from The Century Dictionary.

  • noun One who pillages or plunders by open violence; a plunderer.

from the GNU version of the Collaborative International Dictionary of English.

  • noun One who pillages.

from Wiktionary, Creative Commons Attribution/Share-Alike License.

  • noun A person who pillages

from WordNet 3.0 Copyright 2006 by Princeton University. All rights reserved.

  • noun someone who takes spoils or plunder (as in war)


Sorry, no etymologies found.


  • Mrs. Douaoui says one French journalist who she prefers not to mention by name wrote at the top of his of his obituary "the pillager of Africa is dead."

    Voodoo Still Casts Its Spell

  • September 19, 2009 at 7:38 am pillager=burglar Yes?

    PROOF - Lolcats 'n' Funny Pictures of Cats - I Can Has Cheezburger?

  • "He's got the right," said Picasso, a shameless pillager of African imagery, "he's a Negro."

    An Apostate Welcomed at Last

  • “No, by Saint Mary,” said another; “he is a follower of the arch-fiend and ennobled clown Halbert Glendinning, who takes the style of Avenel — once a church-vassal, now a pillager of the church.”

    The Abbot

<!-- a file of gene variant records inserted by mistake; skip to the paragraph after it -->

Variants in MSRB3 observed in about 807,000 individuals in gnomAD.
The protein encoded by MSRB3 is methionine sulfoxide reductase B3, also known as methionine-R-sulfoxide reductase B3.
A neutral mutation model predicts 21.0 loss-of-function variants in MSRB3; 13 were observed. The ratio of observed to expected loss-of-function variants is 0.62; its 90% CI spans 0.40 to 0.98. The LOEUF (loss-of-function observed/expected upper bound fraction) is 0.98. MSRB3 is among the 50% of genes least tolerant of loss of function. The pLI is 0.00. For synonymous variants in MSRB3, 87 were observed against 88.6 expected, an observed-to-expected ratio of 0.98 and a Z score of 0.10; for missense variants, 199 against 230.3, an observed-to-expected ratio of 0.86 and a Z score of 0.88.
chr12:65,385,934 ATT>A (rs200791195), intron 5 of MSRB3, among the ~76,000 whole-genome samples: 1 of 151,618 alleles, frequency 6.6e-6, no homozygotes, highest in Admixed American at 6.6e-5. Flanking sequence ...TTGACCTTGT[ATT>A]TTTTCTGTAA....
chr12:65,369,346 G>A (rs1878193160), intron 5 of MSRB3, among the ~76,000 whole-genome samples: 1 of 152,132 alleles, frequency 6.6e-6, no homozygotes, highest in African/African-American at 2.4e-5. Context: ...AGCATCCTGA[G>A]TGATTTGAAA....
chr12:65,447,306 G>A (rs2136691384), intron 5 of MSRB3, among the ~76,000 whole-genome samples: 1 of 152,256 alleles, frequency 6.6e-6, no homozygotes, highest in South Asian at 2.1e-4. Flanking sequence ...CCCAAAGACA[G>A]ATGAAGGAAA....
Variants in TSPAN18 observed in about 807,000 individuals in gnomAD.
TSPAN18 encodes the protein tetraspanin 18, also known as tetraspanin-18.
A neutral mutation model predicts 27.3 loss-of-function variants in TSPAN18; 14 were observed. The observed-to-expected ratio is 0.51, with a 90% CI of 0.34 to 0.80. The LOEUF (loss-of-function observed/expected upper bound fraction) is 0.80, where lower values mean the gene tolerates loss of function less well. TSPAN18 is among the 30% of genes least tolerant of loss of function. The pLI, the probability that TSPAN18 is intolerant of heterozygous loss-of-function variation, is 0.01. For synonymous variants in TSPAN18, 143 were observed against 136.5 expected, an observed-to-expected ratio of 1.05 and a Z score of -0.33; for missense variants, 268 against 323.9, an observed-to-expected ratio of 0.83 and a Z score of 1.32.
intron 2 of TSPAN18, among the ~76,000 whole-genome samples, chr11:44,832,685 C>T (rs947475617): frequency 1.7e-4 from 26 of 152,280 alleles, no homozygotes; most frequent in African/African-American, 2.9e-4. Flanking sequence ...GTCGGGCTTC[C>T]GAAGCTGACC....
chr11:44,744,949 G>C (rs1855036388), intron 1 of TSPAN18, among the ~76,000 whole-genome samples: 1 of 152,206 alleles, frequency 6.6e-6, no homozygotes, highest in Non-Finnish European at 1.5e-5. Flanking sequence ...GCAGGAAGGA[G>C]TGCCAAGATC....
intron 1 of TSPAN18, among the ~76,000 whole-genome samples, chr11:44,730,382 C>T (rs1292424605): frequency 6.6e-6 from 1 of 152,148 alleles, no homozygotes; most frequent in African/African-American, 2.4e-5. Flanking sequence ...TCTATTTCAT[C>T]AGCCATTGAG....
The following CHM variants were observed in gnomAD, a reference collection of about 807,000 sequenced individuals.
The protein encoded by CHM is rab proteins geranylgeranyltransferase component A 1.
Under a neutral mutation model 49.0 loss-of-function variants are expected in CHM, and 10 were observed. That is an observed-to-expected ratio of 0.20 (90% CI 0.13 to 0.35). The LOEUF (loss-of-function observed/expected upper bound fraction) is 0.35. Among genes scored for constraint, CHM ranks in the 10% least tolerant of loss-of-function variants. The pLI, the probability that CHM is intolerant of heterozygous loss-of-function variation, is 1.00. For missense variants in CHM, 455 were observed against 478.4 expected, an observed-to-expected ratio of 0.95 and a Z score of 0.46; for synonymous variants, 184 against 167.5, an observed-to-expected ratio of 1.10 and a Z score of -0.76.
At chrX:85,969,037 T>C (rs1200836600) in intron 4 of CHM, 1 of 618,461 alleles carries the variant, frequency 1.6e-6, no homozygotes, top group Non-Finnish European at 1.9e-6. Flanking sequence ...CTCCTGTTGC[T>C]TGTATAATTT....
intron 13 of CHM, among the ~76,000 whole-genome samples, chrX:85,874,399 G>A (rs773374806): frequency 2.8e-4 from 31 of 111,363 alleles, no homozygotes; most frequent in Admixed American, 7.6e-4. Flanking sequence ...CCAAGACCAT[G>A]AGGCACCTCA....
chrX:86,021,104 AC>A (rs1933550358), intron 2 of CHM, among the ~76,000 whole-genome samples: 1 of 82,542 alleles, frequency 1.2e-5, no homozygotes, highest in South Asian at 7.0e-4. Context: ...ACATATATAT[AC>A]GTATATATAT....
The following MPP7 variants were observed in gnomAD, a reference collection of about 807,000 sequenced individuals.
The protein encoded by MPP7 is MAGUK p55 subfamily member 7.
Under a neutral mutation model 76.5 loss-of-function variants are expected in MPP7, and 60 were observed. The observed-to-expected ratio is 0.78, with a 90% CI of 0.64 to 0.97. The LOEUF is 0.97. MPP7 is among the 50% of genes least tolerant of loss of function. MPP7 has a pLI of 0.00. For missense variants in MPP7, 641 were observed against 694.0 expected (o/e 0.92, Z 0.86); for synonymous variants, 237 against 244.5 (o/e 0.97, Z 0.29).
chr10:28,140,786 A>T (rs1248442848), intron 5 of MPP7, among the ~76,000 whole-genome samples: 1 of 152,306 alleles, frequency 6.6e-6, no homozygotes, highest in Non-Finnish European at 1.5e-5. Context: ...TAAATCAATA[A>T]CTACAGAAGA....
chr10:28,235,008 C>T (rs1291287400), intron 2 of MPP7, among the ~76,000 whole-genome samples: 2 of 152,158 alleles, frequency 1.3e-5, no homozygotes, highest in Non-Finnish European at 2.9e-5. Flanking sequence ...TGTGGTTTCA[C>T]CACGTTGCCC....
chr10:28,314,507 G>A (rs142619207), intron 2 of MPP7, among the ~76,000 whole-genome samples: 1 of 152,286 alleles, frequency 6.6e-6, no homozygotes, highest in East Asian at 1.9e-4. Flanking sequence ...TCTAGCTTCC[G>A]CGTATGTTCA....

• "You are a rapist and a pillager and a thief of the working man's rights," it read, "and may you rot in hell."

    Motown Mechanic

  • His partner Urman was a Tatar built round and hard, with the broad smile of a successful pillager.

    Stalin's Ghost

  • As the pillager wipes his filthy parts after the rape he kills his victims as well as my sons.

    Crime, culpability and punishment

  • As I turn the other cheek the pillager has raped my daughters and my wife.

    Crime, culpability and punishment

  • Shall I welcome this man with open arms and allow myself to become an abettor - an enabler - of the robber, rapist and pillager?

    Crime, culpability and punishment

  • I was very well assured that at Deal no less than ten guineas was required, and paid by the supercargo of an Indiaman, for carrying him on board two miles from the shore when she was just ready to sail; so that his necessity, as his pillager well understood, was absolute.

    The Journal of a Voyage to Lisbon


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